Harvard scientists build tiny structures with DNA Legos

Tiny, nanoscale DNA structures assembled from DNA bricks

Engineers have found a new and unexpected use for the code of life—as a commonplace building material that can be used to fashion precise 3D structures, ranging from miniature smiley faces to cubes.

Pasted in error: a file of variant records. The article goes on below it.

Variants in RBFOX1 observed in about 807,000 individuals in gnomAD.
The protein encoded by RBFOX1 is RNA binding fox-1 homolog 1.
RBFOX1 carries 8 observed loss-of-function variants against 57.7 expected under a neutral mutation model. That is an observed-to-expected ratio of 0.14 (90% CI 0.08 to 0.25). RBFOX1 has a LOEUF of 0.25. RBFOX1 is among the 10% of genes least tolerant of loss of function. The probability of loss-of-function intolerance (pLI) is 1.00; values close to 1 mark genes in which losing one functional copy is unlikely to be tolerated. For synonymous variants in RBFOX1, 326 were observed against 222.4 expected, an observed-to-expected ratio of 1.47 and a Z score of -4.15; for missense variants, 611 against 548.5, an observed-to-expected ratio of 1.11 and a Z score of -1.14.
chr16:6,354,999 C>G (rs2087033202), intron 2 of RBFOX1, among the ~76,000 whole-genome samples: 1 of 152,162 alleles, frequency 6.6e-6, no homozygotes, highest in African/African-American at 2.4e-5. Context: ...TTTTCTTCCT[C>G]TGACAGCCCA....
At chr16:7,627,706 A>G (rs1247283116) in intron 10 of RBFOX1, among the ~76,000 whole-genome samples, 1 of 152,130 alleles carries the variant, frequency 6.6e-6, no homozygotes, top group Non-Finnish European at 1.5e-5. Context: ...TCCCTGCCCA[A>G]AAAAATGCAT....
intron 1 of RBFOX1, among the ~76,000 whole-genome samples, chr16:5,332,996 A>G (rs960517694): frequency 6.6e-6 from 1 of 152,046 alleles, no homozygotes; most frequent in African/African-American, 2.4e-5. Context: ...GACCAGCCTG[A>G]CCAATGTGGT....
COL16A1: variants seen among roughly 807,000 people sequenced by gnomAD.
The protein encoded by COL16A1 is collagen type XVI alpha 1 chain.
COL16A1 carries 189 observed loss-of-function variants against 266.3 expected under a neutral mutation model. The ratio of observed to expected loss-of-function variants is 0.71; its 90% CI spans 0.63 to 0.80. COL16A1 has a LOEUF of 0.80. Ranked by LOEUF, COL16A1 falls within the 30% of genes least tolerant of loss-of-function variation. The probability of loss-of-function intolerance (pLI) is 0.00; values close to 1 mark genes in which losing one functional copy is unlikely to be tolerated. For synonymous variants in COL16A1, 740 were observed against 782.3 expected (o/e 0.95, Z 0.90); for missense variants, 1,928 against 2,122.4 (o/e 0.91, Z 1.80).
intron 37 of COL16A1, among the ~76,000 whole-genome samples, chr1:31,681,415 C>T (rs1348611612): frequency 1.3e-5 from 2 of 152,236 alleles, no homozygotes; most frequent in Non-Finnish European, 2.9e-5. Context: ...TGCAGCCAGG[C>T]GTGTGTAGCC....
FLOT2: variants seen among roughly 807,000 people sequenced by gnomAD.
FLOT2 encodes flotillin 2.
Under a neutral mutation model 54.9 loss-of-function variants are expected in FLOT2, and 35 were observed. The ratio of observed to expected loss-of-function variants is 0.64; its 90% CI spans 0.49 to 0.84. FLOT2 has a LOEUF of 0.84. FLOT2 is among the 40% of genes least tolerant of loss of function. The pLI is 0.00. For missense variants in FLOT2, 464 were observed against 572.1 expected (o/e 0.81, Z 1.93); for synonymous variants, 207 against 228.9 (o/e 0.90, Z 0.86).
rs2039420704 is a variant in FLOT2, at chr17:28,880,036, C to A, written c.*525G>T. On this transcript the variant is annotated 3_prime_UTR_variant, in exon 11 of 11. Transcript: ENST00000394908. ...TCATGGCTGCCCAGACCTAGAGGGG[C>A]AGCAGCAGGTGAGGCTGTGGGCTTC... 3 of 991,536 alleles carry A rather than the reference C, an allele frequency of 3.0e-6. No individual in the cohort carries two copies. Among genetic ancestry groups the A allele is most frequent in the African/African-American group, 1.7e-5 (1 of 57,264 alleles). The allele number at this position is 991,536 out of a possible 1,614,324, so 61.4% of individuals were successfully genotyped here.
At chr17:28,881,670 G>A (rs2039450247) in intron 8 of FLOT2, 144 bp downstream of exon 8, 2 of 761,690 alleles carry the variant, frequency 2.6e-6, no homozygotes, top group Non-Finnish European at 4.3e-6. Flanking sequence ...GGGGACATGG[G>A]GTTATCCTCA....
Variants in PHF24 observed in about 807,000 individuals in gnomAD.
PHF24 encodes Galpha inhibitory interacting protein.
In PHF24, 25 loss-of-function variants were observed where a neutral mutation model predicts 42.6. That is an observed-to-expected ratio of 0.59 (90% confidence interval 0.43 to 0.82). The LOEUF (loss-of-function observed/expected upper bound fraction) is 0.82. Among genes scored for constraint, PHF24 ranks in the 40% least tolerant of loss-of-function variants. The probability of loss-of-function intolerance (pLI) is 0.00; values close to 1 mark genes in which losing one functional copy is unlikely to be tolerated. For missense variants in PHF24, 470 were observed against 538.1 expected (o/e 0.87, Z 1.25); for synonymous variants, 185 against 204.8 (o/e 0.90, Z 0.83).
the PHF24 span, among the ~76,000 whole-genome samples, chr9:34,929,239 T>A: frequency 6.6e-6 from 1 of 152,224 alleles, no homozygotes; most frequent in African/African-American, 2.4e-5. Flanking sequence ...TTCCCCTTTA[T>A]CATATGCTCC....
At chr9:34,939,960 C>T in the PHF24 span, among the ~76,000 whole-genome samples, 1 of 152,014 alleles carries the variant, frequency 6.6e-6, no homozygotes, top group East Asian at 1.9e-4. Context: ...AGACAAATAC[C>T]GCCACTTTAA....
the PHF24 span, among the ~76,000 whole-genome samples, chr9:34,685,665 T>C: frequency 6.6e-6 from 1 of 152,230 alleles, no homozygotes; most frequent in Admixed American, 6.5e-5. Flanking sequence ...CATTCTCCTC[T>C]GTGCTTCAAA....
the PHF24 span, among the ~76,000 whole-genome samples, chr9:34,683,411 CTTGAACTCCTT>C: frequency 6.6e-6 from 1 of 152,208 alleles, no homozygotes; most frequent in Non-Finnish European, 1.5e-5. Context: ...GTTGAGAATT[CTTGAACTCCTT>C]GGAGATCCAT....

Most people think of DNA as the master blueprint that is carried in every cell, spelling out the essential traits of organisms. DNA is the “building block of life” only in the metaphorical sense. But scientists at the Wyss Institute for Biologically Inspired Engineering at Harvard University saw in the material an unexploited versatility, if it were to be used as a real brick. They described Thursday in the journal Science an array of molecular Legos that could one day provide a useful scaffold for building tiny electronic circuits and drug-delivery devices.